Dancing Naked

After leaving Mysore, I headed to the Rishikesh (the foothills of the Himilayas) to meet with my meditation teacher, Swami Veda, the oldest disciple of Swami Rama (1925 to 1996). We flew from Bangalore to Delhi and took the overnight train to Haridwar. Finding a taxi driver from the train station is always fun since they don’t speak English well in North India. They never seem to know “where” you want to go, but you don’t find this out until you have been travelling for close to an hour. It became obvious the drivers were confused when they stopped every few minutes to ask for directions. In the end, they brought us to the wrong ashram where I got the 'right' directions from a helpful orange-robed Swami. Along the journey, our drivers (probably not much older than 16 years old) invited me to have a smoke. They looked pretty disappointed that I did not share in the fun! "No smoke, mam?" "Nooo."

The first time I visited Rishikesh was in 2000. My memory consists of watching a large pig peeing in the Ganges while a man dressed as Hanuman diligently wiped off body make-up just a few yards away. "Hmmmm", I thought, "the holy waters of purification." I also walked several kilometers from where I was staying to avoid being cheated by any overpriced rickshaw driver. I can't believe I would argue over 50 cents; the 40 degree weather must have shifted my common sense to zero cents. I walked to and fro from the Ganges in which there are literally hundreds of ashrams stacked on top of each other. I remember walking past the sign for the Sivananda ashram, Omkaranada ashram, Swami Rama Ashram, the Vivekanada Institute....etc, etc. I was on a strange mission in those days and kept up a brisk pace.

In the latter part of the 60’s Rishikesh became quite well known to the West as the Beatles travelled there and met with Maharishi Mahesh Yogi. It also became nick-named as Yoga-town because of the large number of ashrams located in one central area. For tourists, there is something for every budjet, level of comfort, level of study, interest and non-interest in the spiritual path.

For Hindus, it is a totally different matter; it really is a sacred city. The name “H-rishikesh” is Sanskrit for Vishnu (the preserver) and means “the lord of the senses.” Certainly it is an array of sensations for the senses with many sadhus, wandering monks and swamis walking around. One Swami, whom, I know I had never met before, was convinced he knew me. "Yes, I saw you here 10 years ago!" Ironically, I have returned 10 years later, but this is 10 years in the future not the past.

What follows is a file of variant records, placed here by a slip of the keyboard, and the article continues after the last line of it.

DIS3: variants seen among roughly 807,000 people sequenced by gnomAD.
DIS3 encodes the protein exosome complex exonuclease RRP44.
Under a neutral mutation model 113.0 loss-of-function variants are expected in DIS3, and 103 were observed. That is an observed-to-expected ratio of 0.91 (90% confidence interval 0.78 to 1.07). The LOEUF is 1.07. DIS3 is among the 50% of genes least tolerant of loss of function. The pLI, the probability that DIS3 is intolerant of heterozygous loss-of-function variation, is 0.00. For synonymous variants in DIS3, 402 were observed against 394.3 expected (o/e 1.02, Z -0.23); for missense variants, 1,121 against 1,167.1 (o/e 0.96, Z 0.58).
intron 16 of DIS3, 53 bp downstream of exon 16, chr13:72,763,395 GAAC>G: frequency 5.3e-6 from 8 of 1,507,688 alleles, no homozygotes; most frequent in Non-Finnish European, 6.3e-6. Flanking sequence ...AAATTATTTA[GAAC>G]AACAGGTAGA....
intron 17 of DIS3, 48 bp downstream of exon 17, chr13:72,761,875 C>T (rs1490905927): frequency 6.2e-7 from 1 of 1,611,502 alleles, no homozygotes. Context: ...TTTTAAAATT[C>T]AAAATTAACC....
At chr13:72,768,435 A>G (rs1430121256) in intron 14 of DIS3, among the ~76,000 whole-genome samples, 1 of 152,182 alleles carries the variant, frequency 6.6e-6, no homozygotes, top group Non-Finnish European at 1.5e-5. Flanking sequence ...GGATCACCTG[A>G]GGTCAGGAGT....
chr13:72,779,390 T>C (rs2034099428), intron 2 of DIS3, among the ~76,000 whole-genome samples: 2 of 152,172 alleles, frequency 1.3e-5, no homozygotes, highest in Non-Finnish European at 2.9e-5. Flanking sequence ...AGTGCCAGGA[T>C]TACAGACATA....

The banks of the Ganges are also well visited by locals who perform pujas, rituals and other ceremonies understood to cleanse their karmas of both past and present lives. A group of boys were no exception to the rule as they played along the river banks without a care in the world. They reminded me of the freedom of being able to run naked. Once they spotted me taking their photo, they were very eager to see it. I cannot explain what it meant to be surrounded by several naked Indian boys jumping up and down. It was one of those moments in which there are no words.

Ah, the invention of digital, the innocence of childhood and the freedom of the body.


The Journey So Far

Life is an adventure and yoga is the greatest one of all. Here I share my love of Yoga, travel, practice and becoming a part-time cook. My life adventures have taken me from growing up in Toronto to living and working in South Korea to studying in India, marriage and finally closing my Yoga school of 15 years.

What I can say so far is that I truly believe that it is necessary in life to let go of one dream in order for another to be born. This might be painful to do so but it is the only way to move forward. We often believe that if our original plan does not succeed it is the recipe for failure. But what if it is the door to something new and great? The horizon is wide and life is not a straight line. This is the way I see it and my journey so far. Having also recently given birth to my first child and at 43, it is another new beginning.


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Heather Morton
is a perennial teacher and devoted student of yoga. Having made 18 extended trips to India she studies with her teachers annually. In 1997 she founded and directed The Yoga Way (TYW), Toronto's only school for 6-week yoga programs and not drop-in classes. For 15 years, TYW was a part of the growing Toronto yoga community and supported many charities by offering karma classes. As a teacher she holds many academic degrees including a BFA (Fine Arts in Theatre) and a Masters of Education. With a published thesis on Yoga for Children in School, her post-graduate work was a 2-year ethnographic project in the Indian school system. Heather has produced 2 dvds, meditation cds, a backbending manual and podcasts. Freedom of the Body DVD is the first of its kind as an instructional practice to the backbends of yoga. Heather has been featured in the Toronto Life magazine, The Globe & Mail, Yoga4Everybody and other on-line sources. She contributes to MindBodyGreen, Hello Yoga in Japan and Elephant Journal. She writes to inspire and share her experiences with others on yoga as a life's practice.
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